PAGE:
Jan 24

Tombstone Tuesday–Margaret Callens

Margaret Callens, Zion Lutheran Cemetery, Mercer County, Ohio. (2015 photo by Karen)

This is the tombstone of Margaret Callens, located in row 5 of Zion Lutheran Cemetery, Chattanooga, Mercer County, Ohio. Her broken tombstone is nearly illegible, but it appears the inscription is:

[Top is broken off]
….et
…. of
Tobias Callens
Died
Sept. 22, 1878
Aged
77 y, 10 m, 2 [?] d

I looked at the tombstone in person, but the date is just about the only thing that is readable anymore.

I looked at how the Mercer County Chapter OGS read it in 1990. The marker may have been more legible in 1990 but it was broken even back then. The Mercer County readers were unable to determine the surname and Mercer County Cemetery Inscriptions, Vol. VI only shows the last two letters of what they determined could be the surname—ET. Their inscription from 1990: …ET, Tobias, Sept. 22, 1878, age 77 years, 10 months, 0 days.

I looked at the tombstone’s entry on Find a Grave.com. Find a Grave.com shows the surname as Lotter and the tombstone was read as: wife of Tobias Lotter, died Sept. 22, 1878, aged 77y, 10m, 22d.

However, I believe Zion Chatt’s death and burial records tell who is buried beneath this tombstone. Their records indicate that the surname is not Lotter at all, but is Callens.

Margaret Callens, Zion Lutheran Cemetery, Mercer County, Ohio. (2017 photo by Karen)

Zion Chatt’s records indicate that Margarethe Callens died 22 September 1878, at the age of 77 years, 10 months, and 4 days.

The letters ET at the upper right could be the last two letters of the name Margaret since the rest of the name has broken off on the upper left

The dates on the tombstone match the dates in the church records, except for the 4 days entry. The days on the grave marker are basically too worn to read but it looks like 2 or 22 days.

Margaret Callens, negative image to better see the inscription. (2017 photo by Karen)

That surname is not familiar to me and it was only entered in the church records that one time.

Did Margaret live in the area?

Did she die while visiting relatives or friends?

Or did she die while passing through the area?

Who was Tobias? Was he her husband or her father?

Yet another mystery in Zion’s cemetery.

We may never know the answers to these questions but it appears the church records have helped identify another grave marker.

 

Jan 20

Photos from the “Germann Collection”

Here are a few more photos from what I like to refer to as “The Germann Collection,” a group of old photos that belonged to Edna and Viola Germann.

Edna (1896-1997), Viola (1900-2001), and their brother Wilbert (1905-1972) were the children of Stephen E. and Rosina (Schumm) Germann.

Their father Stephen was the son of Henry and Mary (Hertz) Germann and their mother Rosina was the daughter of Jacob Frederick and Maria (Germann) Schumm.

From time to time I have posted some photos from the Germann Collection and below are some more, photos from Edna and Viola’s childhood.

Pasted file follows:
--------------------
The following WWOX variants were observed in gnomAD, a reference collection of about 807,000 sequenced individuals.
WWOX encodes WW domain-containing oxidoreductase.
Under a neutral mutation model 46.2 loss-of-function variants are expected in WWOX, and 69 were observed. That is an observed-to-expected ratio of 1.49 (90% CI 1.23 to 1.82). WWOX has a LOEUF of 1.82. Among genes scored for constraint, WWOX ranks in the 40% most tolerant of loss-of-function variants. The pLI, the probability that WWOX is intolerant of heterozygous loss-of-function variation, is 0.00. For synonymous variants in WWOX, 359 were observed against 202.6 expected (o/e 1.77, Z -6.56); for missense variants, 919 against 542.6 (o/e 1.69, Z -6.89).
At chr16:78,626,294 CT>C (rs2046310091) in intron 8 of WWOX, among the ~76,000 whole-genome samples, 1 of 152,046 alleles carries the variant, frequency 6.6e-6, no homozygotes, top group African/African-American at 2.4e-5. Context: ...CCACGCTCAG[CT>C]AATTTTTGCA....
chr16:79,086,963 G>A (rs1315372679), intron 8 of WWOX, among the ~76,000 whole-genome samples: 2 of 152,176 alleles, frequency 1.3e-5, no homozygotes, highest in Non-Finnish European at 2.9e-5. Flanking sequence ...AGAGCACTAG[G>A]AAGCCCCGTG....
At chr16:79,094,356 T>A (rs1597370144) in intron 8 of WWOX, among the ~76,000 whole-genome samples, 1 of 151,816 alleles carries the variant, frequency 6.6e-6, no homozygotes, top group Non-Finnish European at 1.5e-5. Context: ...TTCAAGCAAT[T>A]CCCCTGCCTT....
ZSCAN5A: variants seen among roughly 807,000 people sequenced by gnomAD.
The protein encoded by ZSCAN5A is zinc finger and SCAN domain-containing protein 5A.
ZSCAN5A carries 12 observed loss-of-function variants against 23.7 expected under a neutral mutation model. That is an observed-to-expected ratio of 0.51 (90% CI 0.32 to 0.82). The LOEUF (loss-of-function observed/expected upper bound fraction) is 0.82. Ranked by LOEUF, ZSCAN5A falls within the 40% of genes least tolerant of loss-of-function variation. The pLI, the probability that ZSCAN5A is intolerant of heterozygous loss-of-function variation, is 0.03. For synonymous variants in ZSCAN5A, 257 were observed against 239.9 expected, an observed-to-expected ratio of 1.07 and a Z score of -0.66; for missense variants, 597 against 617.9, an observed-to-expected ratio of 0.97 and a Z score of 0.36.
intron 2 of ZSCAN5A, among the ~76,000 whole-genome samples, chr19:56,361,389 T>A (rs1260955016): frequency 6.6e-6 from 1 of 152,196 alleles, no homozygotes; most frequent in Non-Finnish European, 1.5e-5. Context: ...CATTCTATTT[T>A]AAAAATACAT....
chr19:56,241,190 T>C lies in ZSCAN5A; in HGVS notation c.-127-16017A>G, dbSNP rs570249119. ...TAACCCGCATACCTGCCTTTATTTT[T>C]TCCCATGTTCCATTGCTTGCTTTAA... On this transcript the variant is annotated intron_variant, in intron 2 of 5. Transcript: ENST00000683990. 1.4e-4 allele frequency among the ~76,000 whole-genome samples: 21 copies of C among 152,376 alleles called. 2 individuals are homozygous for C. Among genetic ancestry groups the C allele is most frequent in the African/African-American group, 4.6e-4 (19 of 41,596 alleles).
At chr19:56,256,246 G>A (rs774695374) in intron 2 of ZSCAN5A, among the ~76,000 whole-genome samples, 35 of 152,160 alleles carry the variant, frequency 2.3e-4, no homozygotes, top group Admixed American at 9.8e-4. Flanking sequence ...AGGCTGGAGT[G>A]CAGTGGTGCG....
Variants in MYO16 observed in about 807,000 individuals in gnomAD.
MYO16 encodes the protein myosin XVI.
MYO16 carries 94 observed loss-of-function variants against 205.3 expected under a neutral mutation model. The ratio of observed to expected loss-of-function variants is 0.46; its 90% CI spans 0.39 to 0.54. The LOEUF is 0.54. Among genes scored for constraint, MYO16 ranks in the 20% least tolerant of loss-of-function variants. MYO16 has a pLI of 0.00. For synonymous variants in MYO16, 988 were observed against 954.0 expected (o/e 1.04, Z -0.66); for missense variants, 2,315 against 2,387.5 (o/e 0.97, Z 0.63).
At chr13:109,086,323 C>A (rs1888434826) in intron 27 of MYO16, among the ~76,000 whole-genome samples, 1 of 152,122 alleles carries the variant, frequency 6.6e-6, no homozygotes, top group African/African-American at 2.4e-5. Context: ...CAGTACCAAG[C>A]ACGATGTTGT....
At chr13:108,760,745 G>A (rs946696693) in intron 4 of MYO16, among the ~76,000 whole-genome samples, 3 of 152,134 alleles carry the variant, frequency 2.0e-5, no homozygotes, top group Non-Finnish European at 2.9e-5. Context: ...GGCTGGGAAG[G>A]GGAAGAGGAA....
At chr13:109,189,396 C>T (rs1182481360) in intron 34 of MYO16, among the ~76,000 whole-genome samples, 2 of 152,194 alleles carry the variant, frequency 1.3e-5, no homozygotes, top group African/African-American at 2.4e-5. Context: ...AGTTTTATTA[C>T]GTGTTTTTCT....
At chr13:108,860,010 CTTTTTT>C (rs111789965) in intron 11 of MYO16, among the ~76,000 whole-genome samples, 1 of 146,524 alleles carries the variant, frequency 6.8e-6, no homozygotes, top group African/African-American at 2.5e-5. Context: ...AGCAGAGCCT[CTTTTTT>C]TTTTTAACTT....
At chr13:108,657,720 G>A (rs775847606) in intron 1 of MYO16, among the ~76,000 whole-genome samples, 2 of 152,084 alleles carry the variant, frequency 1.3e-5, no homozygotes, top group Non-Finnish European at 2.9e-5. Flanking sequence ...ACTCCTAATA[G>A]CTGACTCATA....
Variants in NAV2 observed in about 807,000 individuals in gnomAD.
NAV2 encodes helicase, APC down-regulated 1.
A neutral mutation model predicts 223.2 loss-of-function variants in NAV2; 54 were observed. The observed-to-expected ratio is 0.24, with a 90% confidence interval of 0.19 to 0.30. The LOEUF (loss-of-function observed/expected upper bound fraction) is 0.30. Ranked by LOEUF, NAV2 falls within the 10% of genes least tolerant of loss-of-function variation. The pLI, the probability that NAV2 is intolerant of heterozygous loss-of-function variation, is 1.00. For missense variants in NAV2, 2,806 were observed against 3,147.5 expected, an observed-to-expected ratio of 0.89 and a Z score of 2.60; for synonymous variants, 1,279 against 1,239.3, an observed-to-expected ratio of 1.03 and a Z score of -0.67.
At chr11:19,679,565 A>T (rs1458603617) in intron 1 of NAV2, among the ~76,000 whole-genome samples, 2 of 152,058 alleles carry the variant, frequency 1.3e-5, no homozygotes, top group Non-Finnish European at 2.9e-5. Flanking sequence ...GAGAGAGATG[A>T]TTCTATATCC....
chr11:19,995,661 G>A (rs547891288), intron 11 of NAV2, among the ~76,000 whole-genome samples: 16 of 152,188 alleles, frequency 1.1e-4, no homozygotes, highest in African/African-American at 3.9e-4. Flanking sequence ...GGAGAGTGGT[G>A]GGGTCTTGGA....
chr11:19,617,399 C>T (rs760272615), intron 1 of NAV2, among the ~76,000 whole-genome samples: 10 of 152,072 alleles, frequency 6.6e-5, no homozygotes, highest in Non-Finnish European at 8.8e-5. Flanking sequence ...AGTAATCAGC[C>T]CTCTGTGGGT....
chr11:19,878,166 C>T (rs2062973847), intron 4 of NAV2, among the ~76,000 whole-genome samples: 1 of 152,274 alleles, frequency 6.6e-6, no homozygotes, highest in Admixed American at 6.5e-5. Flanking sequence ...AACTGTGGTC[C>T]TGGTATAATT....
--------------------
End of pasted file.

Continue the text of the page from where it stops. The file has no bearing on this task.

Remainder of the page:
Edna and Viola Germann:

Edna & Viola Germann

Edna and Viola’s aunt Louise Schumm (their mother’s sister) married Henry Friedrich Schinnerer. Henry Friedrich and Louise (Schumm) Schinnerer had children William (1893-1963), Lydia (1897-1985), and Fred, and two other children who died in infancy.

Edna and Viola with their first cousins William and Lydia Schinnerer:

Edna & Viola Germann with 1st cousins William and Lydia Schinnerer

Edna & Viola Germann with 1st cousins William and Lydia Schinnerer

Edna, Viola, and their brother Wilbert Germann:

Edna, Viola, & Wilbert Germann

Edna, Viola, Wilbert Germann, and Fred Schumm:

Edna, Viola & Wilbert Germann; Fred Schumm

I believe the small boy in the above photo is Joseph Fredrick “Fred” Schumm, the son of Charles “CJ” and Jeanetta Ann (Bury) Schumm. Jeanetta was accidentally electrocuted a little less than 2 months after their son Fred’s birth. It appears that Fred went to live with the Stephen Germann family after her death. Fred was enumerated with the Germanns in the 1920 and 1930 censuses, shown as their nephew. Charles “CJ” Schumm was a brother to Edna and Viola’s mother Rosina, so Fred would have been Edna and Viola’s first cousin.

Thank you to Edna and Viola for labeling so many of your photos!

Jan 17

Tombstone Tuesday–Mary E. Lotter

Mary Lotter, Zion Lutheran Cemetery, Mercer County, Ohio. (2015 photo by Karen)

This is the tombstone of Mary E. Lotter located in row 4 of Zion Lutheran Cemetery, Chattanooga, Mercer County, Ohio. The marker is inscribed:

Mary E.
Dau of
J.P. & C.
LOTTER
Died
Mar 6, 1889
Aged
13 mo. & 12 d.

Although the Lotters attended Zion Lutheran Church in Chatt at one time, where several of their children were baptized, neither Mary Lotter’s baptism nor her death or burial is recorded in Zion Chatt’s records. The only information that remains about her is the information inscribed on her tombstone.

Her tombstone indicates that Mary was the daughter of J.P. and Lotter–John Peter and his wife Catharine (Eichler).

Both of her parents were from Zweifelsheim, Bavaria. They immigrated in 1869 and moved to the Chatt area by 1875, where they attended Zion Chatt.

Mary had at least eleven siblings and she was one of the younger children, if not the youngest in the family.

Mary’s father and grandmother [Anna Lotter] are also both buried in Zion Chatt’s Cemetery. Her father died in 1891 and her grandmother died in 1890.

Jan 13

Offering Envelopes, Old and New